TON March 2016 Vol 9 No 2 - Genitourinary Cancers
Phoebe Starr

San Francisco, CA—Men with low-risk prostate cancer are typically offered management with active surveillance, which entails regular office visits, digital rectal exam, MRI scans, prostate-specific antigen (PSA) testing, and prostate biopsy at physician-specified intervals. An expanded protocol called active holistic surveillance (AHS) also incorporates dietary changes, evidence-based supplements, and exercise, but only clinically necessary biopsies. According to a study presented at the 2016 Genitourinary Cancers Symposium,1,2 AHS has the potential to reduce the number of biopsies and even avoid them altogether for some men with low-risk and low-intermediate–risk prostate cancer.

AHS was adopted as a management strategy for low-risk prostate cancer in an attempt to avoid overtreating this form of the disease, since many men will have an indolent cancer that does not transform into more aggressive cancer requiring treatment.

AHS was developed by Aaron Katz, MD, a urologist and integrative physician in private practice in New York City and on staff at Winthrop University Hospital, Garden City, NY. In developing this protocol, he hoped to avoid unnecessary biopsy and further treatment for men at low risk. His experience using this protocol in 200 men shows that the overwhelming majority of patients who follow AHS do not need further treatment.

“Years ago, when I worked with Dr Atkins, I saw patients with cancer treated with diet and nutrition who did not need other treatment. This got me interested in integrated medicine. I think we can do better for our patients than active surveillance. The AHS protocol incorporates evidence-based nutrients, plus dietary recommendations and exercise at least 3 times a week for 30 minutes. We measure PSA every 3 months and perform an annual MRI on our patients enrolled on AHS. If there is no change in either parameter, we don’t biopsy them. We have had extremely low rates of disease progression—about 88% to 90% of men on AHS never need further treatment,” said Dr Katz.

Patients eligible for AHS have clinical stage T1c, PSA <20 ng/mL, Gleason 6 or 7 with tumor volume of <50%, and an initial PSA doubling time of greater than 1 year. AHS relies on counseling regarding diet, supplements, and exercise. Dr Katz and his staff also recommend yoga, meditation, or other forms of stress reduction. Patients have annual MRI scans, PSA tests every 3 months, plus digital rectal exams at each office visit. If the MRI scans and PSA levels remain stable at the next office visit, patients do not go on to biopsy.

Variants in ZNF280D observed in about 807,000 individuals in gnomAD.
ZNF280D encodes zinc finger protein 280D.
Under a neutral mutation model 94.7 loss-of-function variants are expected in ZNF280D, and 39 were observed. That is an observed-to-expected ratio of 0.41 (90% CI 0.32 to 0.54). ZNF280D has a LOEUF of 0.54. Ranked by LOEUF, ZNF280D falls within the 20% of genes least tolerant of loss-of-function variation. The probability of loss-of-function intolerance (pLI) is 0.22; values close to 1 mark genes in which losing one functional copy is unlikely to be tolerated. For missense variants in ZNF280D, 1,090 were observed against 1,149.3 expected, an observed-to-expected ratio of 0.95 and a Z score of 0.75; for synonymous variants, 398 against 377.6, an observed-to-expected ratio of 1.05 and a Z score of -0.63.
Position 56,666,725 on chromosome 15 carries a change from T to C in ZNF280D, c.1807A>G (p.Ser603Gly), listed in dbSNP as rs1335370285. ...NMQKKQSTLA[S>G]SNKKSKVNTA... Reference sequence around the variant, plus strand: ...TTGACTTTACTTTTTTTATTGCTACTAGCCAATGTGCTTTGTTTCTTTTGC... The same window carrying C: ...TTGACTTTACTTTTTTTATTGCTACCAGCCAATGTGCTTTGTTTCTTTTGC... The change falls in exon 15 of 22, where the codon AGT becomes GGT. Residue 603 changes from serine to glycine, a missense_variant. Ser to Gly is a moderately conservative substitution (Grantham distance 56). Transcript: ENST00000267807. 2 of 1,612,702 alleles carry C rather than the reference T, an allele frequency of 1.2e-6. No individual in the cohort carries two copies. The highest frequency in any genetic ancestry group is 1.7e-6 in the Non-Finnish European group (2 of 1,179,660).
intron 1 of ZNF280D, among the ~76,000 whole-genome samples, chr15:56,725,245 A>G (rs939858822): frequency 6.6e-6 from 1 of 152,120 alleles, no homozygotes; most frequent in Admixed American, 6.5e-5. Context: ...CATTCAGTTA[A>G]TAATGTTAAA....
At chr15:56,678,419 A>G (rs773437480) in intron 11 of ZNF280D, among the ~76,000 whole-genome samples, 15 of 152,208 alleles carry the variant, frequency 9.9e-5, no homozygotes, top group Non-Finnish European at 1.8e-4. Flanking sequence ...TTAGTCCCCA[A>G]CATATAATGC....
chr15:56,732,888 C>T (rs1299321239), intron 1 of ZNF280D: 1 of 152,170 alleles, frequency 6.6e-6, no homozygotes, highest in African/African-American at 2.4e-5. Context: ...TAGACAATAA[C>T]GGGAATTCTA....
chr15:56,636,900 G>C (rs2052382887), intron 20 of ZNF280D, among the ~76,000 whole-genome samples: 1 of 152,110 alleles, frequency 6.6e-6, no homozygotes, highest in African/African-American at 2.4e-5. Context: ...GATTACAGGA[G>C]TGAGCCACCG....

Dr Katz and colleagues presented a poster reviewing experience in 200 patients (median age, 65 years) with low-risk and low-intermediate–risk prostate cancer placed on AHS with a median follow-up of 40 months.

A total of 24 (12%) patients discontinued AHS over the study period: 4 for biopsy progression, 7 for MRI progression, 7 for MRI progression confirmed with biopsy, 5 for patient preference, and 1 patient died.

At baseline, 75% of men had a Gleason score of 3+3, 12% had a score of 3+4, and 2.5% had a score of 4+3; data were missing for 10.5%. Forty-three percent had only 1 positive core on initial biopsy, 21% had 2 positive cores, and the remaining patients ranged from 4 positive cores to 9 positive cores. Data on 10% of patients were missing.

“Our rates of discontinuation are low compared to other publications in the literature on active surveillance. We have shown that AHS can be a successful protocol for low-risk and low-intermediate–risk prostate cancer patients, and that a holistic approach can be beneficial for patients eligible for active surveillance,” Dr Katz said.

In general, the dietary and exercise recommendations promote good health—not just for prostate cancer patients. The AHS dietary recommendations include elimination of red meat and increased intake of fish or poultry; increased intake of fresh vegetables (kale, spinach, cauliflower, broccoli); 1 to 2 tablespoons of ground flaxseed added to oatmeal, cereal, yogurt, etc, daily; reduced dairy intake, with the exception of organic yogurt; reduced sugar intake; soy milk instead of cow’s milk; whole wheat pasta instead of white pasta; 1 to 2 cups of green tea per day; and 1 glass of Pinot Noir red wine with dinner 2 to 3 times per week.

AHS-recommended supplements include vitamin D3, Zyflamend, omega 3 fish oils, and a daily multivitamin.


1. Katz A, Fontes AS, Kosinski KE. Initial results of patients with early-stage prostate cancer on active holistic surveillance. Presented at: 2016 Genitourinary Cancers Symposium; January 7-9, 2016; San Francisco, CA. Abstract 19.
2. Fontes AS, Kosinski KE, Katz AE. Initial results of early stage prostate cancer patients on active holistic surveillance. Poster presented at: 2016 Genitourinary Cancers Symposium; January 7-9, 2016; San Francisco, CA.

Related Items
Toxicity Profiles of Abiraterone, Enzalutamide, and Prednisone Should Inform Treatment Selection
Alice Goodman
TON March 2016 Vol 9 No 2 published on March 22, 2016 in Genitourinary Cancers
Aspirin Reduces Risk for Prostate Cancer Death
Phoebe Starr
TON March 2016 Vol 9 No 2 published on March 22, 2016 in Genitourinary Cancers
Docetaxel Does Not Compromise Long-Term QOL in Men with Metastatic Hormone-Sensitive Prostate Cancer
Phoebe Starr
TON March 2016 Vol 9 No 2 published on March 22, 2016 in Genitourinary Cancers
Last modified: April 14, 2016